Tag Archives: B


The master of the mockumentary, Christopher Guest, is back with a new serving of his specialty, and once more it’s a treat. After serving as one of the over-the-hill rock band in Rob Reiner’s “This is Spinal Tap,” Guest went on to send up small-town theater companies in “Waiting for Guffman” and flamboyant dog contests in “Best in Show.” Now in “A Mighty Wind” he hones in on a reunion show by three folk music groups from the sixties and seventies. Though not quite up to the elevated standards of the previous efforts by Guest and his friends, it’s a charming, sometimes brilliant movie, filled with the same droll, understated humor that characterized them.

The set-up is simplicity itself. After the death of Irving Steinbloom, who managed the acts in their heyday, his son Jonathan (Bob Balaban) plans a Town Hall commemorative concert featuring three over-the-hill groups: the always-smiling New Main Street Singers (Paul Dooley, John Michael Higgins, Jane Lynch, Parker Posey, et al.), a neon-colored “neuftet” indiscriminately spreading joy; the duo of Mitch & Mickey (Eugene Levy and Catherine O’Hara), a Sonny-and-Cherish duo, who were as famous for their romance as for their music until they broke up; and The Folksmen (Guest, Michael McKean and Harry Shearer), a trio whose LPs were remarkable for lacking a hole for the spindle. Much of the film is concerned with the players’ offhandedly humorous recollections and the strains of getting together again; they’re joined by other oddballs, including Fred Willard as the NMSS’s gregarious, goofy manager; Ed Begley, Jr. as a public broadcasting honcho with a penchant for lapsing into foreign phrases; Paul Benedict as a bearded folk-music historian; Don Lake and Deborah Theaker as Irving’s two other children; and Jennifer Coolidge and Larry Miller as a dotty PR agents. The final act is the concert itself, complete with newly-created songs that, while amusingly hokey in their lyrics, also manage a surprisingly authentic feel, along with a by-now obligatory “six months later” wrap-up.

Like “Guffman” and “Show,” “Wind” is truly a joint effort by an ensemble which has become a virtual improvisational repertory company. Though the script is ascribed to Guest and Levy, it actually results from scads of rehearsals and ad-hoc sessions and more than fifty hours of footage that’s afterward been shaped and edited into a brisk hour-and-a-half. It’s a technique that the cast, by now a bunch of old friends playing off one another like a long-time vaudeville team, use to great effect. Though at times the actors go for broad, easy laughs, they more often opt for gentler, more subtle bits, and handle them deftly. (Levy, for example, earns laughter by creating an almost preternaturally subdued character.) To choose favorites is an invidious task; it’s easier to point to the bits that don’t quite come off, or at least don’t work as well as might be hoped. Those would include Willard’s boisterously stupid Mike LaFontaine, who’s not nearly as funny as his dog-show announcer in “Show”; Jim Piddock’s Leonard Crabbe (he’s Mickey’s model train-loving husband); and the home-life weirdness of the Main Street Singers’ Laurie and Terry Bohner (Lynch and Higgins), which is certainly strange but more creepy than funny. Furthermore, the big topper regarding the Folksmen, which closes the picture, is a stretch that doesn’t quite hold. But overall “A Mighty Wind” has a much higher percentage of hits than misses; and the fact that it doesn’t push too hard, quietly building and letting the gems spring out unexpectedly rather than continually italicizing its own cleverness, is a wonderful change from today’s overemphatic farces.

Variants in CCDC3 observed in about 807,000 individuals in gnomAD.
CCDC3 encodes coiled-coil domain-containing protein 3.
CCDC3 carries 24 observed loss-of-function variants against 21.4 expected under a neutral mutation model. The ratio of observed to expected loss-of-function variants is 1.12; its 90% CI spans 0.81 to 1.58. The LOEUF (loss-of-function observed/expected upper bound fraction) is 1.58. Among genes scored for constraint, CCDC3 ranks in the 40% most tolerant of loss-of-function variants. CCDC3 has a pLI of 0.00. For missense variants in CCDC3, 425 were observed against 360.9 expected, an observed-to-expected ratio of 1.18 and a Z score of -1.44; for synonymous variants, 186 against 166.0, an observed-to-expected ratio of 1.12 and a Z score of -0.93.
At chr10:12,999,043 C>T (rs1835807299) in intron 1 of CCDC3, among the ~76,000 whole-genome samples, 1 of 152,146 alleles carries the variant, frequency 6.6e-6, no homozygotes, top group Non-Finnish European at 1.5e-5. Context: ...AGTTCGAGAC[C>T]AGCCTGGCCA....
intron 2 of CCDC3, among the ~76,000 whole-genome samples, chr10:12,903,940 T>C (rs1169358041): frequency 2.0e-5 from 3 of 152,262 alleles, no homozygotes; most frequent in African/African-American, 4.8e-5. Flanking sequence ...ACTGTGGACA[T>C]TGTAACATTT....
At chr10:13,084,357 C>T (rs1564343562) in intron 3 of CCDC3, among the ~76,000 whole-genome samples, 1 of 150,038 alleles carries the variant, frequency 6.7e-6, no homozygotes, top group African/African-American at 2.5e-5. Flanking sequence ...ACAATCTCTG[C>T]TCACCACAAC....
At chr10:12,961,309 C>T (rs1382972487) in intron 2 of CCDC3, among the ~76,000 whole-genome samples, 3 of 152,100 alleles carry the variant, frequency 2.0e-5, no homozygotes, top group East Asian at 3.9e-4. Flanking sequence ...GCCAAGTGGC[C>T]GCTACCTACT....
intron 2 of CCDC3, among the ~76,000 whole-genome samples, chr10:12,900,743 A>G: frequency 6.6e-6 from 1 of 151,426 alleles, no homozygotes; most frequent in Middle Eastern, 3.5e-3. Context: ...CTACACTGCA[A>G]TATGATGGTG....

The result is an unforced, affectionately mocking picture which might not generate a constant gale of laughter, but does invite a steady stream of smiles and chuckles.


Filmmaking doesn’t get much simpler than that in this picture by Andre Heller and Othmar Schmiderer, which records–without any background beyond the briefest introduction–the recollections of Traudl Junge, who served as one of Adolf Hitler’s private secretaries between 1942 and his death in the bunker in April, 1945. The camera simply focuses on the elderly woman as, in a series of sessions in 2001, she recounted (after half a century of silence) her memories and offered observations on the past with the benefit of hindsight, smoking endless cigarettes as she did so; the only variant comes when she was given the opportunity to watch some of her earlier remarks and then add to them. The result is certainly not a portrait of evil, but a snapshot of a woman who admits that at the time she witnessed things from a totally blinkered perspective; it’s also valuable historical document, preserving an account of the Fuhrer’s last days by one of the few observers who survived them. Though it offers little new information, the very intimacy of the project gives it surprising power.

As Junge recollects Hitler, he was a soft-spoken, almost avuncular figure, who was, for example, sensitive to how a young secretary might be overwhelmed by his very presence. He was considerate of his staff and, she remembers, especially proud of his dog–indeed, she observes that it was his decision to test his poison capsules on the canine near the very end that first revealed his true nature to her. And he never spoke of the Final Solution; Junge heard but one veiled reference to it in all her years of service. Now she looks back on her naivete with regret.

It’s not easy to feel sorry for Traudl Junge, when one reflects on the horrors that surrounded her career with Hitler. Yet there is a certain poignancy here, especially when the final crawl informs us that she died of cancer just hours after “Blind Spot” premiered at the Berlin Film Festival. She was 81.